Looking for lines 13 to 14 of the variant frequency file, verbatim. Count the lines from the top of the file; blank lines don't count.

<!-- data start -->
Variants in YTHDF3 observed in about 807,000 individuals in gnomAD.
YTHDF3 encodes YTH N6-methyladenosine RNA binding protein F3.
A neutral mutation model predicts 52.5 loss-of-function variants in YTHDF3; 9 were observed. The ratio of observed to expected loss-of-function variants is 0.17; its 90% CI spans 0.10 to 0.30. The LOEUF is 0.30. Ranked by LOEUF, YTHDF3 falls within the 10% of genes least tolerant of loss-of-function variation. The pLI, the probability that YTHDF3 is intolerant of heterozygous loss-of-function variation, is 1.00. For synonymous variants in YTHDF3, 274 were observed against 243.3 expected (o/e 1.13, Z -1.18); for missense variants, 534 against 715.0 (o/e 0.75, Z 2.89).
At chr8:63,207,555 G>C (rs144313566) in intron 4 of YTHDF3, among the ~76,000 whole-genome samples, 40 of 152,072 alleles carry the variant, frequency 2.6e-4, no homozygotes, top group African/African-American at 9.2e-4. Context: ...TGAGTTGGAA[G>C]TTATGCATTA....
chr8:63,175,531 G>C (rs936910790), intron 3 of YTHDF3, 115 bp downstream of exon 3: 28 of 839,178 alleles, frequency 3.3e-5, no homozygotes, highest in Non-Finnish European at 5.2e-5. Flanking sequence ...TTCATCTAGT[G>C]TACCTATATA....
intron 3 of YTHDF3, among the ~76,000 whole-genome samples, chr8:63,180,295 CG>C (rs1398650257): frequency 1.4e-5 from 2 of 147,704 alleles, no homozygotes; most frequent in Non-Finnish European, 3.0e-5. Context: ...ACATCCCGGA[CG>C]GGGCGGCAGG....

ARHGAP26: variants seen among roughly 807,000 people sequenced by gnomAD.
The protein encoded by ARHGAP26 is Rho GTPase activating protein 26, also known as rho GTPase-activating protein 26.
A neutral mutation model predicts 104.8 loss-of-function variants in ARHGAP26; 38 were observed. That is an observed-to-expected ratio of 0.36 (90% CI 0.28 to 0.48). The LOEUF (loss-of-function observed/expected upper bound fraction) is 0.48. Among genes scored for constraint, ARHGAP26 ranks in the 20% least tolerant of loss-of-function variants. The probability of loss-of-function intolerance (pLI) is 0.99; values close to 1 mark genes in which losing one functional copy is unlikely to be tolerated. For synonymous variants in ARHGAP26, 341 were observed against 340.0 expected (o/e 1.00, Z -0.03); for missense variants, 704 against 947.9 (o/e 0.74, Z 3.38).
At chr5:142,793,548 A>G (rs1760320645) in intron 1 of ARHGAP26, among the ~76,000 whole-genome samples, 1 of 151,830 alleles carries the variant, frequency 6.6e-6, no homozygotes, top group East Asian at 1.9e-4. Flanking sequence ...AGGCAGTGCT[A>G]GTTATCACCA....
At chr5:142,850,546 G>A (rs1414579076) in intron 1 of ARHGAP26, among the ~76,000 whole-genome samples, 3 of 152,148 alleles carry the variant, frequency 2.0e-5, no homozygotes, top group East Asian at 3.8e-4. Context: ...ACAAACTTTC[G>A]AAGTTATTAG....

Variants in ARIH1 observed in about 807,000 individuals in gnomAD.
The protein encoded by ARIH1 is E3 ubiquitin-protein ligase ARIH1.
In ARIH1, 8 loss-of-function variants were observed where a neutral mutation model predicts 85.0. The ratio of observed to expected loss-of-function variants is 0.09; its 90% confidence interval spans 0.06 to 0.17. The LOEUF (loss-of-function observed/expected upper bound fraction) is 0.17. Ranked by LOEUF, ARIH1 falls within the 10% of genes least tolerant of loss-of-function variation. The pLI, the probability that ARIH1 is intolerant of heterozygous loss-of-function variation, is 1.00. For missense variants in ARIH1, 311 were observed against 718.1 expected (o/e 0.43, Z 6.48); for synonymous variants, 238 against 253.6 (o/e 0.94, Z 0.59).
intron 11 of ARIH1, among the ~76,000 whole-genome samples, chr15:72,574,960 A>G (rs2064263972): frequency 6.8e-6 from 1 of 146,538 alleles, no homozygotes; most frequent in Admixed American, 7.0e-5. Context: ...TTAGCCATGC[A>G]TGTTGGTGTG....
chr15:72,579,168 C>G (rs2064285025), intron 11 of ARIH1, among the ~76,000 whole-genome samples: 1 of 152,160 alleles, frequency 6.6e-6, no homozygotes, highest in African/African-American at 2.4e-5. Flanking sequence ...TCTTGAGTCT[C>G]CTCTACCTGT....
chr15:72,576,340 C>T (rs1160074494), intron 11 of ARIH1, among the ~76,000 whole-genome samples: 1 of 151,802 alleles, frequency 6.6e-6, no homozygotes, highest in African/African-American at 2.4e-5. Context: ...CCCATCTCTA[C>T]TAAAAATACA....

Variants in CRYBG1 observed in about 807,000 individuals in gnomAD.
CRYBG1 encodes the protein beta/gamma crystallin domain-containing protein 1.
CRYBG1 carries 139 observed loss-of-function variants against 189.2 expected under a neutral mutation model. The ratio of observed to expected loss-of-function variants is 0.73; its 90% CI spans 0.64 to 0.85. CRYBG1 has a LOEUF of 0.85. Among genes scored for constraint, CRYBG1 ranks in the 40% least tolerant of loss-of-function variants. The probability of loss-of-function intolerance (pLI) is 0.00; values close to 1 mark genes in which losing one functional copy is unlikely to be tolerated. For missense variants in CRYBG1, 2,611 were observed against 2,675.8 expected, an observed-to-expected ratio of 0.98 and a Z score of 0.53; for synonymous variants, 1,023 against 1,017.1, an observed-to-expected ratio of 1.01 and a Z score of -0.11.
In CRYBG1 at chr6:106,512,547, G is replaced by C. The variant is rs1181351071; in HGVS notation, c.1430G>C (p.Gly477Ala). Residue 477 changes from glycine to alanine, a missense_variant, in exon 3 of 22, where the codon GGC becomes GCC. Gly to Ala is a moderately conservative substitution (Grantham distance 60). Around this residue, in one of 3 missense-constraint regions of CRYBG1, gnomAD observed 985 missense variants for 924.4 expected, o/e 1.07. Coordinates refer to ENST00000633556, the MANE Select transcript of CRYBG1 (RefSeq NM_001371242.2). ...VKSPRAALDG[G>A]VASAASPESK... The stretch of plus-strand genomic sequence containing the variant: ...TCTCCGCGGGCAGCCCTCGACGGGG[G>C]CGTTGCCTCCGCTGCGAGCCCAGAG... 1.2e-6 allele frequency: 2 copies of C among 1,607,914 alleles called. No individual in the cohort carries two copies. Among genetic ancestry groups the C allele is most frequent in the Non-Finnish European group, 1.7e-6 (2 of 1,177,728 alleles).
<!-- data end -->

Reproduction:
The protein encoded by ARIH1 is E3 ubiquitin-protein ligase ARIH1.
In ARIH1, 8 loss-of-function variants were observed where a neutral mutation model predicts 85.0. The ratio of observed to expected loss-of-function variants is 0.09; its 90% confidence interval spans 0.06 to 0.17. The LOEUF (loss-of-function observed/expected upper bound fraction) is 0.17. Ranked by LOEUF, ARIH1 falls within the 10% of genes least tolerant of loss-of-function variation. The pLI, the probability that ARIH1 is intolerant of heterozygous loss-of-function variation, is 1.00. For missense variants in ARIH1, 311 were observed against 718.1 expected (o/e 0.43, Z 6.48); for synonymous variants, 238 against 253.6 (o/e 0.94, Z 0.59).